Mobile phones can be the enemy of successful tram travel. Which is more important to you at the time? But phones can be your friend for tram travel too. Download the Public Transport Victoria app to your phone, PTV and the Yarra trams app, Tram Tracker or the alternative, Tram Hunter which is my preferred choice for its simplicity. It is hardly objective, but I think the maps and other information on vehicles and at city tram stops are quite helpful to find your way. Another mea culpa. I nearly missed a tram because I was so busy looking at my phone to see when the next tram was due.
After some forty plus years of tram travel, how often I have heard the shriek and stumbling as a tram started off. Surprise! You are on a vehicle that moves. While trams aren't as smooth as trains, they are smoother than buses, but you still need to hang on unless you are young and fit and have good balance. Hand over hand as you move about a moving tram, handrails to hanging straps, or as a last resort a person who is hanging on. Choose a cute one, as I once did on a train as it swayed over a set of points.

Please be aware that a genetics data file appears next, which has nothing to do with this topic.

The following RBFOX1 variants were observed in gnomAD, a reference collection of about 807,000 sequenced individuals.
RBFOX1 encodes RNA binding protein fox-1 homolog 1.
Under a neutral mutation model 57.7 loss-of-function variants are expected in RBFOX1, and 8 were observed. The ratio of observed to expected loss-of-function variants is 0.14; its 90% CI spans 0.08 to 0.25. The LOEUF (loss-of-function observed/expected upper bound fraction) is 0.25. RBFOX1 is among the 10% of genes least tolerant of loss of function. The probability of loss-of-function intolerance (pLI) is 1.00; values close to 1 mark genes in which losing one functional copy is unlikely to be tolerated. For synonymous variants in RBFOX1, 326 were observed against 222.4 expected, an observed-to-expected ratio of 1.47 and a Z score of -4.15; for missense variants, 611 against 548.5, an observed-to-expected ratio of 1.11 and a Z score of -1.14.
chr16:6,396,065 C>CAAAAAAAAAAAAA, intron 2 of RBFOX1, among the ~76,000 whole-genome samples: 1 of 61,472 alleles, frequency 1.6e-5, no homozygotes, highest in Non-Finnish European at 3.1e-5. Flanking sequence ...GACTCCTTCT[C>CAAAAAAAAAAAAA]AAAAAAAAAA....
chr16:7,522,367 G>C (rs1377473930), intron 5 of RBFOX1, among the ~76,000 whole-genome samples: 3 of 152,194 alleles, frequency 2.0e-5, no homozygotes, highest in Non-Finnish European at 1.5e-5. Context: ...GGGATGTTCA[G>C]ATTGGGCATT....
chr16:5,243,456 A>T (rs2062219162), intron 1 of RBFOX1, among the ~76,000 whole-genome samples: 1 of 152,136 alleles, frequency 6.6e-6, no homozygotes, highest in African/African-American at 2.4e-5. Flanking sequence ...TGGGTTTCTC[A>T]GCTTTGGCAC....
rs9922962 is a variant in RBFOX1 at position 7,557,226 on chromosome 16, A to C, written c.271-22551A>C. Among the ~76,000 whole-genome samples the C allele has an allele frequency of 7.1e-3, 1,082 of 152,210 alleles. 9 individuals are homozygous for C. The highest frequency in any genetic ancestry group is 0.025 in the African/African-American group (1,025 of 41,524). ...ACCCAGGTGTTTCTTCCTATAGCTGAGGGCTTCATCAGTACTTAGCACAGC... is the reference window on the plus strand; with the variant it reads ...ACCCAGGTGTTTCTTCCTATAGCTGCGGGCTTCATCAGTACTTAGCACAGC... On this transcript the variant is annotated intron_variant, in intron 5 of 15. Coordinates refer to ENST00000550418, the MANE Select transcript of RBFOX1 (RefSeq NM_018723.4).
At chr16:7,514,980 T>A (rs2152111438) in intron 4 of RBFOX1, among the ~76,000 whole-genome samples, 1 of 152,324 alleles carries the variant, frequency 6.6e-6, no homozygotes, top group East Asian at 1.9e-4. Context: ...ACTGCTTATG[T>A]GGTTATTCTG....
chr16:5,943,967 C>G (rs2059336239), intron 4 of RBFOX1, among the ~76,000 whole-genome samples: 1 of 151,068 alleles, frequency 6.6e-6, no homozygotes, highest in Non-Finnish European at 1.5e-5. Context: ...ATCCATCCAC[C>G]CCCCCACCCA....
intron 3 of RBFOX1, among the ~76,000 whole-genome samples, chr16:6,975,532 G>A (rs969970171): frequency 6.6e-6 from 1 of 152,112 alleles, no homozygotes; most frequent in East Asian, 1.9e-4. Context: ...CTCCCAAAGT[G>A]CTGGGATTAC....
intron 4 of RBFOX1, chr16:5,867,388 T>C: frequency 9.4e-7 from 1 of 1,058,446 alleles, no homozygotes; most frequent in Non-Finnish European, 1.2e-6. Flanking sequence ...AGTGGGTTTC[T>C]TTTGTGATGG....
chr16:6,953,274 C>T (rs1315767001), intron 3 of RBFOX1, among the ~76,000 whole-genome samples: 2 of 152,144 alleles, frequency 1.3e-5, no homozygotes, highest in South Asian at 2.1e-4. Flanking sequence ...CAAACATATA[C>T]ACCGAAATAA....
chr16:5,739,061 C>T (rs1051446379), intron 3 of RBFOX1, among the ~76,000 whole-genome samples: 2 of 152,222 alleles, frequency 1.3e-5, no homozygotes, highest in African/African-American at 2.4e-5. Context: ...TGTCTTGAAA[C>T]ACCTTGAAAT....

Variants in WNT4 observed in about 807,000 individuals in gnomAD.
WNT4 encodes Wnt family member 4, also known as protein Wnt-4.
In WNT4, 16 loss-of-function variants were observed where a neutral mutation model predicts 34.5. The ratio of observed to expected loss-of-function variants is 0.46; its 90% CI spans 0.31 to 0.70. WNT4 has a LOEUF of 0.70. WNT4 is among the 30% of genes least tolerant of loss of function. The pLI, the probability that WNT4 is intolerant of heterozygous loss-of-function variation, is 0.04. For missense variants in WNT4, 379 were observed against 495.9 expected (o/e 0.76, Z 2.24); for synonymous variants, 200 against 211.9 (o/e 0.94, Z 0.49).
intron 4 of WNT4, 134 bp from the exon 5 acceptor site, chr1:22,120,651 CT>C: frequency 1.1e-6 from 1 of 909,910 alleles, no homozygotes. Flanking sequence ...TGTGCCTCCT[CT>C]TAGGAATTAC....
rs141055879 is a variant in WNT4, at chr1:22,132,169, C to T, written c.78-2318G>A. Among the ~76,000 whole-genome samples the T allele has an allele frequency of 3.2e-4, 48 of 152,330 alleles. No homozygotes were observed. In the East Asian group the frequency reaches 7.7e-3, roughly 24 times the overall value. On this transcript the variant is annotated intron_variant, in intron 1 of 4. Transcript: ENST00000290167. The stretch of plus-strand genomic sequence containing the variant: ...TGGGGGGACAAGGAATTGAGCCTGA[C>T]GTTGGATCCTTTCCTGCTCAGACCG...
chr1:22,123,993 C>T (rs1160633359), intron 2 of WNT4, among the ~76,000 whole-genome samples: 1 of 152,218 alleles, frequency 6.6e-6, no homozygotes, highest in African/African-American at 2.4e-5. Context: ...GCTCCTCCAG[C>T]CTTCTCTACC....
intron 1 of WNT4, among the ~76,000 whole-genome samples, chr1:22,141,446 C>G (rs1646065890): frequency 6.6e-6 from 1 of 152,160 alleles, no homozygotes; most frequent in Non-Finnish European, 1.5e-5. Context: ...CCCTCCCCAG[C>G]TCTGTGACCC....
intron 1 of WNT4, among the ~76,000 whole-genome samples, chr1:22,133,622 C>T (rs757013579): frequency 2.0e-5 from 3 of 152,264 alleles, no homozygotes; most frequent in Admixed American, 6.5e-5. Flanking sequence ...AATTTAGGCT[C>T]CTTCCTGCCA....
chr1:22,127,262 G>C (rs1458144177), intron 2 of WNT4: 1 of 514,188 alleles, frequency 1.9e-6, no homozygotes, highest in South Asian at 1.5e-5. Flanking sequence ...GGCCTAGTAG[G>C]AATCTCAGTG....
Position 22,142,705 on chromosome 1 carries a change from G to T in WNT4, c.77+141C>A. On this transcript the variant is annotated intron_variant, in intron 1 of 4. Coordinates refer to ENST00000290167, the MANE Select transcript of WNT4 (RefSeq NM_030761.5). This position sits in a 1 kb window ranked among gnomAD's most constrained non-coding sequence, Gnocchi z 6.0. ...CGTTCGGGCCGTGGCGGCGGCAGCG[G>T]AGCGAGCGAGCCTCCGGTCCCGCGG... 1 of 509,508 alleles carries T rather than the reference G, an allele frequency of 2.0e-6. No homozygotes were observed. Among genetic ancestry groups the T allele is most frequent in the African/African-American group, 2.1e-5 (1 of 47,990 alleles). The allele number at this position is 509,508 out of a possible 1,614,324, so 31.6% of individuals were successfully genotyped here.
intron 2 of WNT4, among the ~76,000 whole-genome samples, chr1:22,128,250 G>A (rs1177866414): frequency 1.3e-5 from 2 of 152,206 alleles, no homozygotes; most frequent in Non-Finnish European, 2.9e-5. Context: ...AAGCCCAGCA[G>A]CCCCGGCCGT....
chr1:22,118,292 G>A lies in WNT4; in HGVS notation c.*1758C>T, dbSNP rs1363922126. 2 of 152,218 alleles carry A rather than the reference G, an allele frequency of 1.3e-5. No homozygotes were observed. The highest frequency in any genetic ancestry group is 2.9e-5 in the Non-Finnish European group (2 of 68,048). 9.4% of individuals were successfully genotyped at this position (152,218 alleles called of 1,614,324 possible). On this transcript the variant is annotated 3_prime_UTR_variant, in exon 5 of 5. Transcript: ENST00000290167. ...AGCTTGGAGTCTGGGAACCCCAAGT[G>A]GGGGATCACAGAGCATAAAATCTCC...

Melbourne's tram drivers are quite used to avoiding hitting pedestrians. Why not give it a shot and walk in front of tram, or duck behind, like locals do? The locals mostly know what they are doing. You as a tourist do not. So, yes test out our tram driver skills, and perhaps our public hospital system shortly afterwards.
Boarding a tram. It is foolish to queue up to get on at the narrow front door when big wide doors are open further along the tram. It is not like you have to pay the driver as you board.
If you are an old person with a dodgy knee or lots of wrinkles, you probably will be offered a seat. Mind, if I am reading or looking at my phone or gazing distractedly out the window, I may not notice you. If so, ask and public opinion will be on your side. If you sit near the front door of a tram, that is where all the oldies obsessively like to get on a tram, expect to have to offer your seat.
At many city tram stops and some out of the city are live tram arrival displays. These are only accurate to around two minutes. If you are at a platform stop, then it will be a level surface to board low floor trams. The live tram display indicates by a wheelchair symbol that it is a low floor tram. The wheel chair symbol also means indirectly that the tram will have air conditioning, for heating and cooling.
When there are two trams at a city stop, the first one will be busy and unless you are in a mega hurry, consider getting on the second tram. You will probably get to your destination at the same time, but in much less crowded comfort. Weekdays, off peak, when visitors will be travelling, the trams for individual routes run at between every 8 to 12 minutes.
Our trams are a pretty good form of public transport, so enjoy riding on them but take some care too. As my father once said to me, a tram always rings its bell before it hits you.